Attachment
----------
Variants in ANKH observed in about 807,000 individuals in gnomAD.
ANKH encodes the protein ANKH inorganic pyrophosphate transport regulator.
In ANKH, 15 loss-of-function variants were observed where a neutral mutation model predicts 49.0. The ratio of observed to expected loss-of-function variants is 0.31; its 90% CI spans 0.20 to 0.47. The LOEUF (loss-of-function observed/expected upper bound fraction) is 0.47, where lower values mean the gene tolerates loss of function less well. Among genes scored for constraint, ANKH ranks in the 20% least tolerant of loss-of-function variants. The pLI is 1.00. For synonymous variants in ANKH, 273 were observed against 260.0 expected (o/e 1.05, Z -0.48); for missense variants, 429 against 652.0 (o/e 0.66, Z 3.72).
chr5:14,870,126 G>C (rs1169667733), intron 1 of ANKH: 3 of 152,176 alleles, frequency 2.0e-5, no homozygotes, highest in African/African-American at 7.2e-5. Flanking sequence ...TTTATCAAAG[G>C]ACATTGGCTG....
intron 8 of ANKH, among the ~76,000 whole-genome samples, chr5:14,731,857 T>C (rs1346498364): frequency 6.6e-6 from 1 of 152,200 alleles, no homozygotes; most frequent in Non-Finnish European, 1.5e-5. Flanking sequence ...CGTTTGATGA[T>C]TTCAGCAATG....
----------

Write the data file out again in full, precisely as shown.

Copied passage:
Variants in ANKH observed in about 807,000 individuals in gnomAD.
ANKH encodes the protein ANKH inorganic pyrophosphate transport regulator.
In ANKH, 15 loss-of-function variants were observed where a neutral mutation model predicts 49.0. The ratio of observed to expected loss-of-function variants is 0.31; its 90% CI spans 0.20 to 0.47. The LOEUF (loss-of-function observed/expected upper bound fraction) is 0.47, where lower values mean the gene tolerates loss of function less well. Among genes scored for constraint, ANKH ranks in the 20% least tolerant of loss-of-function variants. The pLI is 1.00. For synonymous variants in ANKH, 273 were observed against 260.0 expected (o/e 1.05, Z -0.48); for missense variants, 429 against 652.0 (o/e 0.66, Z 3.72).
chr5:14,870,126 G>C (rs1169667733), intron 1 of ANKH: 3 of 152,176 alleles, frequency 2.0e-5, no homozygotes, highest in African/African-American at 7.2e-5. Flanking sequence ...TTTATCAAAG[G>C]ACATTGGCTG....
intron 8 of ANKH, among the ~76,000 whole-genome samples, chr5:14,731,857 T>C (rs1346498364): frequency 6.6e-6 from 1 of 152,200 alleles, no homozygotes; most frequent in Non-Finnish European, 1.5e-5. Flanking sequence ...CGTTTGATGA[T>C]TTCAGCAATG....